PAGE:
While I was there a man at the counter with the teller was commenting on how like me he only goes there because there are real people. The teller commented that they are thinking of converting this branch as well. When I got to the window she said the decision hasn’t been made yet but it’s a cost issue but their branch is constantly swamped BECAUSE they are the only one with real people and actual tellers at the windows.

She seemed to miss that in terms of profitability the fact that this branch is attracting customers tells you all you need to know about if getting ridding real people is a smart move.

This came to mind instantly when I read this from Stacy McCain’s piece on our mutual friend Dave Weigel who has been suspended from the Washington Post:

 I feel obligated to point out that Dave is an actual honest-to-God reporter, the kind who goes out on the road, talks to real human beings and takes notes, rather than sitting in front of a laptop making up phony narratives about people on social media, which seems to be Taylor Lorenz’s job description.

It was the same way a dozen years ago, when some of Dave’s “friends” on the Left decided to get him fired from the Post because he had the audacity to defend Ron Paul. Some of my conservative friends were doing a sack dance over Dave’s firing, but I called him up and offered him some advice: Where you go next, make sure that a travel budget is part of the deal. He signed on with Slate a few weeks later and, sure enough, a travel budget was included. Because that’s what Dave does best, really — The Man on the Scene, in an era when every other “journalist” in America seems to spend most of their time ranting on Twitter.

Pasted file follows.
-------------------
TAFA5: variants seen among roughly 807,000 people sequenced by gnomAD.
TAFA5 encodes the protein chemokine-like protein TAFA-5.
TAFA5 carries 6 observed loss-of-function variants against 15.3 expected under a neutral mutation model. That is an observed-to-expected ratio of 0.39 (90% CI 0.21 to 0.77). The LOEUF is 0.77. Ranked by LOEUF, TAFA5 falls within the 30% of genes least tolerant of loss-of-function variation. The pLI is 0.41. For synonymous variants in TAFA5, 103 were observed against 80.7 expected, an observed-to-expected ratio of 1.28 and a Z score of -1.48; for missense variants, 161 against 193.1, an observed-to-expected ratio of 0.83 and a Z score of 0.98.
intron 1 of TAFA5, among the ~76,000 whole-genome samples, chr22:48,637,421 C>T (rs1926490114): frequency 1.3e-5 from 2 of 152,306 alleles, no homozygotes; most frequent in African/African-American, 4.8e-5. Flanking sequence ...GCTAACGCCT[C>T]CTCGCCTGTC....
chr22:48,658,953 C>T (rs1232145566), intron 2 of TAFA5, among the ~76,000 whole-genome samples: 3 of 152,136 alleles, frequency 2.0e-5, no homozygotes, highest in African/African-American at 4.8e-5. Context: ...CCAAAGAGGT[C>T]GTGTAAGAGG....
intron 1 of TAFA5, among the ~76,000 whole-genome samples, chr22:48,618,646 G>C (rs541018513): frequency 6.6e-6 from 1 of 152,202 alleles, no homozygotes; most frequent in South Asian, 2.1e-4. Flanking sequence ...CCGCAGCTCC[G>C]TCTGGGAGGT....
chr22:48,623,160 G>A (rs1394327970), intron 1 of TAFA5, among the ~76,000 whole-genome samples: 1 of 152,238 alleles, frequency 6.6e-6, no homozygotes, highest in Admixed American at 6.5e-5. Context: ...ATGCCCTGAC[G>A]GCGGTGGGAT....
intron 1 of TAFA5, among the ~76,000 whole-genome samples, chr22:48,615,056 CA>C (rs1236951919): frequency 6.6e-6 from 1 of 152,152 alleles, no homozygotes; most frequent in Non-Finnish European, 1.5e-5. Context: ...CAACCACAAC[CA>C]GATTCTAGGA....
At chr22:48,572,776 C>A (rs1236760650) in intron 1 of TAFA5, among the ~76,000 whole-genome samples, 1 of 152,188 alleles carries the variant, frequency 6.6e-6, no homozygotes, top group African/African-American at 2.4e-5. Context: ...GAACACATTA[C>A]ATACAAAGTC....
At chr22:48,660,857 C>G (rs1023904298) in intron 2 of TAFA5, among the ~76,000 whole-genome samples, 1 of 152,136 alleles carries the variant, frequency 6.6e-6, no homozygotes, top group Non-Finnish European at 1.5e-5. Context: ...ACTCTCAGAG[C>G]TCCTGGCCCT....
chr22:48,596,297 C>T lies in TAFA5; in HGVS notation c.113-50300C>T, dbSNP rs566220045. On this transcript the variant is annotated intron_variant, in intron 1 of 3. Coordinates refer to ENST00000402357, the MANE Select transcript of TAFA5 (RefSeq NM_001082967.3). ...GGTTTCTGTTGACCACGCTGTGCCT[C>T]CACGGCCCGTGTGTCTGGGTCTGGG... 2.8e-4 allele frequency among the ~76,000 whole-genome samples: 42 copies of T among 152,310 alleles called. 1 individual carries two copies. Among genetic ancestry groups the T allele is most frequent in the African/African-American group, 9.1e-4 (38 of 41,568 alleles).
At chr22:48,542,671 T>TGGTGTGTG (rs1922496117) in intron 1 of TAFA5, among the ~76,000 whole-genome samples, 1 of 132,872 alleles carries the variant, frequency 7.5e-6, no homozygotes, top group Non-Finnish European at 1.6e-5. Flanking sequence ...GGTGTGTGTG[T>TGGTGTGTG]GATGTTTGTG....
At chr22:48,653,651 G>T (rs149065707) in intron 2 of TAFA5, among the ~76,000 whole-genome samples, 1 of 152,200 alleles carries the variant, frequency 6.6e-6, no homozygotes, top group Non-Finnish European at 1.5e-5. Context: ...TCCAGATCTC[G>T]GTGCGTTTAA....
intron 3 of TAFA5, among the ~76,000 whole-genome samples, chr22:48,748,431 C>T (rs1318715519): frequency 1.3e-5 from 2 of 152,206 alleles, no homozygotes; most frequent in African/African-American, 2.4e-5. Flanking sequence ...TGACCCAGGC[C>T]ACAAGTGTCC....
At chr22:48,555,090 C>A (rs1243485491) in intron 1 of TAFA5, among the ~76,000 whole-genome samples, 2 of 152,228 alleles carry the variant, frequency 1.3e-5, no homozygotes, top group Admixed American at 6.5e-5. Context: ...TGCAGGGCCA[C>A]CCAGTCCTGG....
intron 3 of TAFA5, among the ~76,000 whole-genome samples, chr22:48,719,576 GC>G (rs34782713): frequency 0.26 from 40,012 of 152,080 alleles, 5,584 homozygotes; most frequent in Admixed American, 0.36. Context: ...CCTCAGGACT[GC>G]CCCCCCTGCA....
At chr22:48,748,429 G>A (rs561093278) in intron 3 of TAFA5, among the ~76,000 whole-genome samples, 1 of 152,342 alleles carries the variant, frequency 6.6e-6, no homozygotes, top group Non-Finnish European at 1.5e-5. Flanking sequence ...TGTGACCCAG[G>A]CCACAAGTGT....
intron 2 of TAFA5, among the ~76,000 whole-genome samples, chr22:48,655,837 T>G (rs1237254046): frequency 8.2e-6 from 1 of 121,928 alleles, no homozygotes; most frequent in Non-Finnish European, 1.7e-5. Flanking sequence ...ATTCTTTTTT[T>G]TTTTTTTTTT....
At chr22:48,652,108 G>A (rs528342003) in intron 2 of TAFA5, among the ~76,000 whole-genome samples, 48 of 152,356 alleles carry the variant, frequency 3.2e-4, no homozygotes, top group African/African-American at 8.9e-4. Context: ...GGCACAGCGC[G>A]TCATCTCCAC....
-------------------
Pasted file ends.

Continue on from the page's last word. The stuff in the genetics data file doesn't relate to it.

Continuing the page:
There is still a need for basic shoe-leather reporting in America, and that’s what Dave Weigel is best at. So this suspension from the Washington Post ought to be seen as an opportunity for some other news organization to grab Weigel and put him to work with (a) a guaranteed travel budget and (b) a promise he’ll never be fired for RT’ing a joke.

If you want actual reporting that people would find interesting the example of Dave Weigel actually going to places and talking to people rather than just sitting and pontificating might be a clue, particularly when you see the response to Salina Zito.

Of course there is a disadvantage that Dave has in the sense that last think the left wants is either for people of the right or their own people to be seen as they are in person.

David Ignatius took less that 48 hours after the new republican congress to be in office to lead with this headline:

Is Darrell Issa the new Joe McCarthy?

The meat of the article is even worse:

When you see the righteous gleam in Issa’s eye, recall other zealous congressional investigators who claimed to be doing the public’s business but ended up pursuing vendettas. I think of Robert F. Kennedy’s ruthless pursuit of labor “racketeering” when he was chief counsel of the Senate Permanent Subcommittee on Investigations. And, more chilling, I think of Sen. Joseph McCarthy’s use of that subcommittee to probe what he imagined was Communist Party subversion in America.